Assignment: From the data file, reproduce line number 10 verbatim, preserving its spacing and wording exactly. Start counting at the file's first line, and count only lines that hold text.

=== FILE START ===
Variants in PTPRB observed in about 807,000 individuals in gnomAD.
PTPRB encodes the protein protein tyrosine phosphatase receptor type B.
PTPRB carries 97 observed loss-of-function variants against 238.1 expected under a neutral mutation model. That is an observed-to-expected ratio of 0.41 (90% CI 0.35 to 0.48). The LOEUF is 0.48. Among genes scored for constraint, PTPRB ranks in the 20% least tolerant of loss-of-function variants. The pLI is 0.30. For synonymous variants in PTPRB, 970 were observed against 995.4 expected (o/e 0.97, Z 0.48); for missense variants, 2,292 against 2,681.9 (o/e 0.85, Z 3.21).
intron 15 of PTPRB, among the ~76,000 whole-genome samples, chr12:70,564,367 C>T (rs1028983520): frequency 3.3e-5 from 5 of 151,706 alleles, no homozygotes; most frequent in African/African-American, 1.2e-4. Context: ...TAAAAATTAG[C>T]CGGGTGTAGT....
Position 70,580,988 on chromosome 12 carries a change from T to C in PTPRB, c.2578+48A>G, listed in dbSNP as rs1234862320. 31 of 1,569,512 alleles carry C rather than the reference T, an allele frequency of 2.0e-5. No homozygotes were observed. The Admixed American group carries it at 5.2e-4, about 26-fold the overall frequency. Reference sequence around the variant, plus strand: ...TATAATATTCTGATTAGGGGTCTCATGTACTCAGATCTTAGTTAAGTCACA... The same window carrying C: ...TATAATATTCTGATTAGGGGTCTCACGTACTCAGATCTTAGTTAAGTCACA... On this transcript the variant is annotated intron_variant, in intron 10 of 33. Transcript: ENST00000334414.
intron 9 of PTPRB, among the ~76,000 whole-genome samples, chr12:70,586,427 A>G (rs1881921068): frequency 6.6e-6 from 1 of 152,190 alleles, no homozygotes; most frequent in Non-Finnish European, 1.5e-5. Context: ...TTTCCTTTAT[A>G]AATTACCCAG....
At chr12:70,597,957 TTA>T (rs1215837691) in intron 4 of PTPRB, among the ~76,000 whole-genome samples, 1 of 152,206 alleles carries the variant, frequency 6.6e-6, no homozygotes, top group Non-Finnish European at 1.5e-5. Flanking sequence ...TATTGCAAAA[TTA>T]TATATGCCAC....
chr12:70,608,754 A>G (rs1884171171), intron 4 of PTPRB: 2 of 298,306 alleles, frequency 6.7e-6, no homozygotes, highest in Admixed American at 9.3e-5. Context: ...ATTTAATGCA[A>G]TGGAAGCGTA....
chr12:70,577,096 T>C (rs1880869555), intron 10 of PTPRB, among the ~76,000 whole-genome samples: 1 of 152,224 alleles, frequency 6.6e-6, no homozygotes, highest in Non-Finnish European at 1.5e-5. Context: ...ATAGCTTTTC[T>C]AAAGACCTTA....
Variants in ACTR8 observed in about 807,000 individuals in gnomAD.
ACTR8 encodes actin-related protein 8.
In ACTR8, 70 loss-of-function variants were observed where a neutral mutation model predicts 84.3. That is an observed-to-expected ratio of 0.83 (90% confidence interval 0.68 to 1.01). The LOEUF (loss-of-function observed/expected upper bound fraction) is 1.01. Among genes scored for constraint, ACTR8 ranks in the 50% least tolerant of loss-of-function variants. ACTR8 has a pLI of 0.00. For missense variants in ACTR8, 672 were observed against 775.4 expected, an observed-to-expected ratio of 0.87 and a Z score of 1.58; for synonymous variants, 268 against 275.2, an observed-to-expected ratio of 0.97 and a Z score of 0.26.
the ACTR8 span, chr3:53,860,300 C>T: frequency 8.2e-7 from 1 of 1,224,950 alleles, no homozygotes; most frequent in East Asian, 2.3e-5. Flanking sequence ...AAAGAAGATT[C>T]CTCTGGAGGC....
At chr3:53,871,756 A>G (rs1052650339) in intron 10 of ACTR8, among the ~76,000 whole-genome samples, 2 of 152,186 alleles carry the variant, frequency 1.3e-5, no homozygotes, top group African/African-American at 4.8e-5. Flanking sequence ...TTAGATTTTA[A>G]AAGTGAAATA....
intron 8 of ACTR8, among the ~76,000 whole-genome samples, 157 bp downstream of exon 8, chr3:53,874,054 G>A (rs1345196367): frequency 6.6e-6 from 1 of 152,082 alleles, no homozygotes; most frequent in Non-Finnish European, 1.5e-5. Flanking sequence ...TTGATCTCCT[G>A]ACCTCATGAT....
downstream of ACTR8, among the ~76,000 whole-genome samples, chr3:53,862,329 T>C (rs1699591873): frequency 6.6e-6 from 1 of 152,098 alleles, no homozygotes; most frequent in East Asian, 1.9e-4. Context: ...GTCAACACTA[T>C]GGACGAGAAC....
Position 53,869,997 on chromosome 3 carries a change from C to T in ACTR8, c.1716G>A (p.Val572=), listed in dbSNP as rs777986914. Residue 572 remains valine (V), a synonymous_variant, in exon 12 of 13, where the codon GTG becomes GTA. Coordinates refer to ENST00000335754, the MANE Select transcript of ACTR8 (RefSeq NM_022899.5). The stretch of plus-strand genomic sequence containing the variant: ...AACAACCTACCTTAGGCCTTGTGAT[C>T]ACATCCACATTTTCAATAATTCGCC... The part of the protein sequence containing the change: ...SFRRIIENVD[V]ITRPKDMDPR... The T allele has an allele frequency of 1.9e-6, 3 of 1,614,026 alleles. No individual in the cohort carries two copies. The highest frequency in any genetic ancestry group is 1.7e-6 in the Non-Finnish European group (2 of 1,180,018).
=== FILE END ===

Variants in ACTR8 observed in about 807,000 individuals in gnomAD.